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Columns

  • Readers should be proud of Beacon’s award-winning news team

    Just a few days before the Oscars, a week ago, the North Carolina Press Association had its own awards ceremony in Chapel Hill for excellence in journalism in 2013. I’m proud to say our team brought home eight of those awards.

  • Believe it or don’t believe it: A family tree comes to life

    By London L. Gore

    Guest Columnist

    It’s all about a family tree that came to life more than 90 years ago, Dec. 19, 1923. I was mom’s first-born, a very handsome little white-headed newborn boy. I could always tell Mom was real happy with me, but Dad was in a hurry for me to grow up so I could do most of the plowing of the fields, and everything else. When you grew large enough back then to hold a hoe, then you go, go, go!

  • It is OK to have the cupcake first

    By Kathleen DeNike

    Guest Columnist

    There is a difference between a dying process and a sudden death event, and they both leave very different opportunities for healing. Individuals given a terminal diagnosis often have time to reflect and address any issues should they want. Also, those connected to the dying usually have some time and opportunities for closure in their relationships. However, with a sudden and unexpected death, it is done. What the relationship was is what it is forever.

  • Brunswick County news patterns don’t mirror trends elsewhere

    There’s an old saying in journalism when it comes to how and where stories are reported: “If it bleeds, it leads.” What that means is, the juicier, gorier or more salacious news is, the more likely it is to be the top story.

    In my two decades or so in this business, circulation numbers seem to bear out that tired adage. For all the lamenting over a lack of good, positive news, it’s generally the bad news that sells best.

  • Don’t mistake journalism for PR

    The author George Orwell is credited with saying, “Journalism is printing what someone else doesn’t want printed. Everything else is public relations.”

    I’d like to take that definition a step further by saying journalism is printing what someone else doesn’t like — especially when it comes to reporting on government meetings.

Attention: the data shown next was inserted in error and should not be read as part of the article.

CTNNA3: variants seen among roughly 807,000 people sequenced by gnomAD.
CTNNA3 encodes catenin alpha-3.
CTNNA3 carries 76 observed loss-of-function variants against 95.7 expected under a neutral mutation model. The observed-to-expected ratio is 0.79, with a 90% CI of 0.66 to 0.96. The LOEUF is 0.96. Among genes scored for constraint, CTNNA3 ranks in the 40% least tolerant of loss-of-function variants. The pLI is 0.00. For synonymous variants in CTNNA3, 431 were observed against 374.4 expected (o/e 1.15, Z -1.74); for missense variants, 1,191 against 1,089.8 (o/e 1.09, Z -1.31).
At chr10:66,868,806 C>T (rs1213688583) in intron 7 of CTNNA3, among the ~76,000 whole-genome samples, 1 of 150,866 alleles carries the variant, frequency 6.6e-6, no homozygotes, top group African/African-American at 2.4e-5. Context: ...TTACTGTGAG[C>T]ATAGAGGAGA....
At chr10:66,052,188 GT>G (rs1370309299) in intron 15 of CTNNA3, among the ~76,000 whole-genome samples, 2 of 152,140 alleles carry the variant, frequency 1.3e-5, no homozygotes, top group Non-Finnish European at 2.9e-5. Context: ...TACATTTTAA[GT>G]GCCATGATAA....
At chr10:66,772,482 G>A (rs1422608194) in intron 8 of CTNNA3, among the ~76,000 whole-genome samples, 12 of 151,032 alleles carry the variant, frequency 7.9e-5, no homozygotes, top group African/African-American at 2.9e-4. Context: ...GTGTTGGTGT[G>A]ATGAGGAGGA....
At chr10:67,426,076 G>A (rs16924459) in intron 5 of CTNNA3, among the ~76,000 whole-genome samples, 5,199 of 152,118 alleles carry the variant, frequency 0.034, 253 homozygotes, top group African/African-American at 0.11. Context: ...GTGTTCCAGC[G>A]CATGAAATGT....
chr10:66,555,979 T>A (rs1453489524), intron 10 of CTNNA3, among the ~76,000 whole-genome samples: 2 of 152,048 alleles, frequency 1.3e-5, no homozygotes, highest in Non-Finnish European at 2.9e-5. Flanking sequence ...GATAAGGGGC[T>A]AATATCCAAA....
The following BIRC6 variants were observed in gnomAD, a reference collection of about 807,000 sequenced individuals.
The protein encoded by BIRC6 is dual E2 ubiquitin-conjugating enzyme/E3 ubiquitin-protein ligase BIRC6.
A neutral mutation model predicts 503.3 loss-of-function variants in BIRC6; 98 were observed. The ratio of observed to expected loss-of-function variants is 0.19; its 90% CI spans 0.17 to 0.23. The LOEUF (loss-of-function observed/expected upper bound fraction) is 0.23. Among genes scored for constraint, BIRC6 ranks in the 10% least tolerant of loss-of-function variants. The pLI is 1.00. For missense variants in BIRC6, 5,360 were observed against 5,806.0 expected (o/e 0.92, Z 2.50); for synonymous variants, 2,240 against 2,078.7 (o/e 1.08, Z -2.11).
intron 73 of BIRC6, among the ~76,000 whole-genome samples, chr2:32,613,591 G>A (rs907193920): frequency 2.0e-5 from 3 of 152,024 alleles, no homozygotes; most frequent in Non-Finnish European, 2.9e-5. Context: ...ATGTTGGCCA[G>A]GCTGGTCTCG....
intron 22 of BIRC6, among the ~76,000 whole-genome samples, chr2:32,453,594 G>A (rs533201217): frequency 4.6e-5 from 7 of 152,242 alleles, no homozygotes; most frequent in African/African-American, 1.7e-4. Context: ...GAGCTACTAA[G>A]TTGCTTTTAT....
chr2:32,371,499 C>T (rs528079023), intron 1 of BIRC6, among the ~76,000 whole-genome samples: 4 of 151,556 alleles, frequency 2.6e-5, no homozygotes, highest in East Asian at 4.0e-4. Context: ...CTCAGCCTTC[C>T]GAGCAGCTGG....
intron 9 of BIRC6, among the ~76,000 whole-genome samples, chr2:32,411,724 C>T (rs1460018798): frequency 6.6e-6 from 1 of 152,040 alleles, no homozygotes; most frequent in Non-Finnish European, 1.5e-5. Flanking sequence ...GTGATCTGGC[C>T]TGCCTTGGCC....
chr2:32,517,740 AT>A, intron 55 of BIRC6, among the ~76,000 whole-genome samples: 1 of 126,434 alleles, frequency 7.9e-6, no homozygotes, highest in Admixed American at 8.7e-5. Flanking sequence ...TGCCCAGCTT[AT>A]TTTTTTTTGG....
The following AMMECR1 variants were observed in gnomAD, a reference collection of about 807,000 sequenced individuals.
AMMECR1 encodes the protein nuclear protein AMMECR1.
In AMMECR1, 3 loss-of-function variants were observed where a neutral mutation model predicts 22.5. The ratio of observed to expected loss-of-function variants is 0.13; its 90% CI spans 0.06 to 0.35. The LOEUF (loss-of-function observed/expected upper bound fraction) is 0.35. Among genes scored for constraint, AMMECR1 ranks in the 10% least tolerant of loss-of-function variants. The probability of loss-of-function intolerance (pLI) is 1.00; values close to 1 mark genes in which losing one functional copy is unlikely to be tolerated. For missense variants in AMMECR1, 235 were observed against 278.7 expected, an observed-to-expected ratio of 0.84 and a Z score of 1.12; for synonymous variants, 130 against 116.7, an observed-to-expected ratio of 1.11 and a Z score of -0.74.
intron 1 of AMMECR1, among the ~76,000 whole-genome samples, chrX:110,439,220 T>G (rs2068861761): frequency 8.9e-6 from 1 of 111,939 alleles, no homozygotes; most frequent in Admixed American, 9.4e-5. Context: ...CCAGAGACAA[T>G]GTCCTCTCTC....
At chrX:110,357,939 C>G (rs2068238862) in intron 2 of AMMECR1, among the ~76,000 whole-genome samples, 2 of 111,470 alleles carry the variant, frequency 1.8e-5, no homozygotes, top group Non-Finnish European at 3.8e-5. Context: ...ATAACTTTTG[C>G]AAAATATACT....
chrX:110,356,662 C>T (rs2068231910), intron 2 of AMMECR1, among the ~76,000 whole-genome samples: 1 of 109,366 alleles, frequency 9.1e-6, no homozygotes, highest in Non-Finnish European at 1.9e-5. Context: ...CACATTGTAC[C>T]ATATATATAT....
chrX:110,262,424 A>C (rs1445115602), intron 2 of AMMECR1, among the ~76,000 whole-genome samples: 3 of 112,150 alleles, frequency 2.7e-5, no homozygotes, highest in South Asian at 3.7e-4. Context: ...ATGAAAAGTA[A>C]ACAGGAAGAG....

These stories always boil down to the same thing: Providing accounts of what was said and done, and by whom. That’s the sole purpose of meeting coverage.

  • Too much of a good thing is sometimes a challenge

    It would seem inappropriate for me to beg for patience when I have so little of it, but I’m about to do it anyway.

    A few months ago, we recreated a community news policy to let readers know about our deadlines for items like club news, honor rolls, wedding announcements, business and education briefs, and church bulletin notes. The policy has been printed on page 2A of every edition since.

    In case you’ve missed it, I’ll save you the trouble of flipping pages and give it to you here:

  • Valentine’s Day romantic tactics revealed

    Saint Valentine stuck his neck out for love and was beheaded for it, according to one legend. Pursuit of romance on Valentine’s Day, Feb. 14, can lead to trouble and hard feelings. For that reason, some people retreat from participation rather than risk what goodwill remains with their significant others.

    At the age of 75, I’ve successfully given and received Valentines for more than six decades with great satisfaction. Here are my romantic tactics:

     

    Significant others

  • Only fools drive unnecessarily on icy roads

    Let’s get one thing straight right off the bat: If a life or job didn’t depend on you driving down the county’s icy roads last week, you had no business driving.

    You wanted to see the snow on the beach? Too bad. Wait for your island neighbors to share the photos with you via the Beacon, Facebook, Instragram or the old-fashioned way: with glossy prints.

    You ran out of that ingredient you needed to complete your CrockPot recipe? Tough. Make something else for dinner.

  • Ethical violations are unforgiveable sins in journalism

    Last week, the Associated Press decided to end its working relationship with a Pulitzer Prize-winning freelance photographer for altering a photo he submitted to the news organization for publication.

    Let me explain why what he did matters and why what the AP did is so important.

  • Sometimes words are louder than actions

    Even if you don’t follow football, or even sports in general, you may have heard about the brouhaha a Seattle Seahawks player caused with his post-game comments last Sunday night.

    If you don’t follow football, or sports in general, let me briefly bring you up to speed: The Seahawks defeated the San Francisco 49ers on Sunday night to face the Denver Broncos in the Super Bowl. The game essentially ended after a Seahawks player named Richard Sherman caused an interception while covering a pass to the Niners’ Michael Crabtree.